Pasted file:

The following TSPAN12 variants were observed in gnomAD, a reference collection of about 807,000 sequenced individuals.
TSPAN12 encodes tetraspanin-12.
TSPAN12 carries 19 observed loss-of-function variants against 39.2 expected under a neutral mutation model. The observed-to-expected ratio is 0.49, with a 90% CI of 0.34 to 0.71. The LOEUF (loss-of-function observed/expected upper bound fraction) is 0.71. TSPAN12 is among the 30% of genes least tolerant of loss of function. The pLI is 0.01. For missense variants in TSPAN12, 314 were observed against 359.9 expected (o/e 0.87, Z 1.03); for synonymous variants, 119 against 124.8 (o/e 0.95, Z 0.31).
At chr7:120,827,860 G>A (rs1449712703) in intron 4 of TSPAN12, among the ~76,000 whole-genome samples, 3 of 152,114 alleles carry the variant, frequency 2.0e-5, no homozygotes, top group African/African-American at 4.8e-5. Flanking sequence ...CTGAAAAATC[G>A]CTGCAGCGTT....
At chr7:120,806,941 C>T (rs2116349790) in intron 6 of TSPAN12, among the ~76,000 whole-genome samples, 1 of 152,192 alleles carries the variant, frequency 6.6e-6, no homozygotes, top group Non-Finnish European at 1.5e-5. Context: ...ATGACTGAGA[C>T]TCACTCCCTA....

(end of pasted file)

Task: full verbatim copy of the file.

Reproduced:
The following TSPAN12 variants were observed in gnomAD, a reference collection of about 807,000 sequenced individuals.
TSPAN12 encodes tetraspanin-12.
TSPAN12 carries 19 observed loss-of-function variants against 39.2 expected under a neutral mutation model. The observed-to-expected ratio is 0.49, with a 90% CI of 0.34 to 0.71. The LOEUF (loss-of-function observed/expected upper bound fraction) is 0.71. TSPAN12 is among the 30% of genes least tolerant of loss of function. The pLI is 0.01. For missense variants in TSPAN12, 314 were observed against 359.9 expected (o/e 0.87, Z 1.03); for synonymous variants, 119 against 124.8 (o/e 0.95, Z 0.31).
At chr7:120,827,860 G>A (rs1449712703) in intron 4 of TSPAN12, among the ~76,000 whole-genome samples, 3 of 152,114 alleles carry the variant, frequency 2.0e-5, no homozygotes, top group African/African-American at 4.8e-5. Flanking sequence ...CTGAAAAATC[G>A]CTGCAGCGTT....
At chr7:120,806,941 C>T (rs2116349790) in intron 6 of TSPAN12, among the ~76,000 whole-genome samples, 1 of 152,192 alleles carries the variant, frequency 6.6e-6, no homozygotes, top group Non-Finnish European at 1.5e-5. Context: ...ATGACTGAGA[C>T]TCACTCCCTA....